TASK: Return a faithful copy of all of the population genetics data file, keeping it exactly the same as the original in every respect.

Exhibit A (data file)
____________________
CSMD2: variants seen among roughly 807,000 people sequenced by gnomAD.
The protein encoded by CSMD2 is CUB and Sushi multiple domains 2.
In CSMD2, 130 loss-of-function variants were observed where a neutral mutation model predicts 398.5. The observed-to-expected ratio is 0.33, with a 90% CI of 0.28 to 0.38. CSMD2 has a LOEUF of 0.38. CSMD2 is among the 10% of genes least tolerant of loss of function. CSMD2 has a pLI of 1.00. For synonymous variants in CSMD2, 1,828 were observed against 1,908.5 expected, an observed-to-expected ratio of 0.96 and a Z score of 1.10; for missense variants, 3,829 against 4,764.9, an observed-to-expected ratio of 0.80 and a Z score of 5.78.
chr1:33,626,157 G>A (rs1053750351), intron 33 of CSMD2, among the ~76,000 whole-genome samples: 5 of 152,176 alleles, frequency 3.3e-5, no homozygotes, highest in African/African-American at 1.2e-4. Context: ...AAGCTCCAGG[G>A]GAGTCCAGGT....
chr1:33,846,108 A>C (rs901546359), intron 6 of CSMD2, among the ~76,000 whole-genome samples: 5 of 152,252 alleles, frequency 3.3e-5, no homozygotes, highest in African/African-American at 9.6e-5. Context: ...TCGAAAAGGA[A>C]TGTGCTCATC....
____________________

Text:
CSMD2: variants seen among roughly 807,000 people sequenced by gnomAD.
The protein encoded by CSMD2 is CUB and Sushi multiple domains 2.
In CSMD2, 130 loss-of-function variants were observed where a neutral mutation model predicts 398.5. The observed-to-expected ratio is 0.33, with a 90% CI of 0.28 to 0.38. CSMD2 has a LOEUF of 0.38. CSMD2 is among the 10% of genes least tolerant of loss of function. CSMD2 has a pLI of 1.00. For synonymous variants in CSMD2, 1,828 were observed against 1,908.5 expected, an observed-to-expected ratio of 0.96 and a Z score of 1.10; for missense variants, 3,829 against 4,764.9, an observed-to-expected ratio of 0.80 and a Z score of 5.78.
chr1:33,626,157 G>A (rs1053750351), intron 33 of CSMD2, among the ~76,000 whole-genome samples: 5 of 152,176 alleles, frequency 3.3e-5, no homozygotes, highest in African/African-American at 1.2e-4. Context: ...AAGCTCCAGG[G>A]GAGTCCAGGT....
chr1:33,846,108 A>C (rs901546359), intron 6 of CSMD2, among the ~76,000 whole-genome samples: 5 of 152,252 alleles, frequency 3.3e-5, no homozygotes, highest in African/African-American at 9.6e-5. Context: ...TCGAAAAGGA[A>C]TGTGCTCATC....